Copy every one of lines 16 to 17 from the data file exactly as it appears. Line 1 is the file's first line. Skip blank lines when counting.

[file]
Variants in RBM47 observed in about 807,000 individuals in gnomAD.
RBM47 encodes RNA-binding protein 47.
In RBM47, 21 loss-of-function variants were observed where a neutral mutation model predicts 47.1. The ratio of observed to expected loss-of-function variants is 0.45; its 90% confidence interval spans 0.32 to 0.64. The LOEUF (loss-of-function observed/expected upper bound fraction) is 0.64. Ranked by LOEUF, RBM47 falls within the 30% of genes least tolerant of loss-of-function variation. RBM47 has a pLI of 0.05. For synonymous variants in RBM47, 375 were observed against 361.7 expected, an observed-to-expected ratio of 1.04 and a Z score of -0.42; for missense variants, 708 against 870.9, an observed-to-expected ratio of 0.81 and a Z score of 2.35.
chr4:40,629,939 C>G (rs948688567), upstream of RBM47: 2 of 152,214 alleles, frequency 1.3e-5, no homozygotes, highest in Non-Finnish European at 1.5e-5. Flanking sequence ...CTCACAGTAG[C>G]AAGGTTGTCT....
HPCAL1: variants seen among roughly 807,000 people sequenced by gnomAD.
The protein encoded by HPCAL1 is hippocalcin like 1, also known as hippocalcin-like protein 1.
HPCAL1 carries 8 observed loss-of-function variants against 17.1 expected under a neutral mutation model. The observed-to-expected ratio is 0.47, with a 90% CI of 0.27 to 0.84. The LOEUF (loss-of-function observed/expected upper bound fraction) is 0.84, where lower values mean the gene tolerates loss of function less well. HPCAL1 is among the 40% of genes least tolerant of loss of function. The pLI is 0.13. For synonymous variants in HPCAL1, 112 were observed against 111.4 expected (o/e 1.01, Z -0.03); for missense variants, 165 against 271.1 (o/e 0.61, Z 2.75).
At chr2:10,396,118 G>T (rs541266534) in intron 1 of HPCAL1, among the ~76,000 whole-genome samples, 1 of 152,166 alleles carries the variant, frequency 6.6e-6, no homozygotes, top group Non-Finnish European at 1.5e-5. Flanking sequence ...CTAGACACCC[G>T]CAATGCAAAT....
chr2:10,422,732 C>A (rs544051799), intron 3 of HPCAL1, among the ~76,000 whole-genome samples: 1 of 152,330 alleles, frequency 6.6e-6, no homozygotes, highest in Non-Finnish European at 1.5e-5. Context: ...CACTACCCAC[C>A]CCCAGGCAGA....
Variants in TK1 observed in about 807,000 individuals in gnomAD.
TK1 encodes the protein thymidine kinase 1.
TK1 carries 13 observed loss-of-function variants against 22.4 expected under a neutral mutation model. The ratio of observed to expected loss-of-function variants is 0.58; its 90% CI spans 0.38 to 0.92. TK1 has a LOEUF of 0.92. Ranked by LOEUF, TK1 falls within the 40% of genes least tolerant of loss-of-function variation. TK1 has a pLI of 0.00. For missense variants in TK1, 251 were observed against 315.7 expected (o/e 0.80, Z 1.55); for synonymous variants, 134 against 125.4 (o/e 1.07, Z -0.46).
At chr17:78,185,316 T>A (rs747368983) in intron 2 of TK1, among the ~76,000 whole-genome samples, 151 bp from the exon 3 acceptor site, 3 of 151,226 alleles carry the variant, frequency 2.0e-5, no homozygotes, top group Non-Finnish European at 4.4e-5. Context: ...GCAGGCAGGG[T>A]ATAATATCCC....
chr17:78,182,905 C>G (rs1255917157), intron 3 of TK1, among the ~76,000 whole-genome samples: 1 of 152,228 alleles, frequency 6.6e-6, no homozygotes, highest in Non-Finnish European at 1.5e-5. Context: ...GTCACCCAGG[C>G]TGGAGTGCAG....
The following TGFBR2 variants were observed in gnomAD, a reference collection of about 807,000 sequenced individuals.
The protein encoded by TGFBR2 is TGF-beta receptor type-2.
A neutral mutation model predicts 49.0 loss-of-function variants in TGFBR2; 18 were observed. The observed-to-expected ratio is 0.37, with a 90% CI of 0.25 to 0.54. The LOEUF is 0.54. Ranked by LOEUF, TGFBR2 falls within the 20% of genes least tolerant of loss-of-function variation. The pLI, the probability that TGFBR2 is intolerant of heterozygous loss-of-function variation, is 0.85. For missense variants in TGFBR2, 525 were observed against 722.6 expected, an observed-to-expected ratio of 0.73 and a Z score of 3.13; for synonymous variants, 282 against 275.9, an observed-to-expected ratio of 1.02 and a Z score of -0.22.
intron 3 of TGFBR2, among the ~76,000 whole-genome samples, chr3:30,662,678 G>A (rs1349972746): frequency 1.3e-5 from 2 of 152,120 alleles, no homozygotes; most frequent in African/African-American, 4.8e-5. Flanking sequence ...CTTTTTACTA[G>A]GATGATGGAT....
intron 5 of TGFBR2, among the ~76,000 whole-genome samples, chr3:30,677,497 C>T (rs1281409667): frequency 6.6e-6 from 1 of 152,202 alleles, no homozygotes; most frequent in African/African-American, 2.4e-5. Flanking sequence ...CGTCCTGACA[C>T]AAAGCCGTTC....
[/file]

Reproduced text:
The protein encoded by TGFBR2 is TGF-beta receptor type-2.
A neutral mutation model predicts 49.0 loss-of-function variants in TGFBR2; 18 were observed. The observed-to-expected ratio is 0.37, with a 90% CI of 0.25 to 0.54. The LOEUF is 0.54. Ranked by LOEUF, TGFBR2 falls within the 20% of genes least tolerant of loss-of-function variation. The pLI, the probability that TGFBR2 is intolerant of heterozygous loss-of-function variation, is 0.85. For missense variants in TGFBR2, 525 were observed against 722.6 expected, an observed-to-expected ratio of 0.73 and a Z score of 3.13; for synonymous variants, 282 against 275.9, an observed-to-expected ratio of 1.02 and a Z score of -0.22.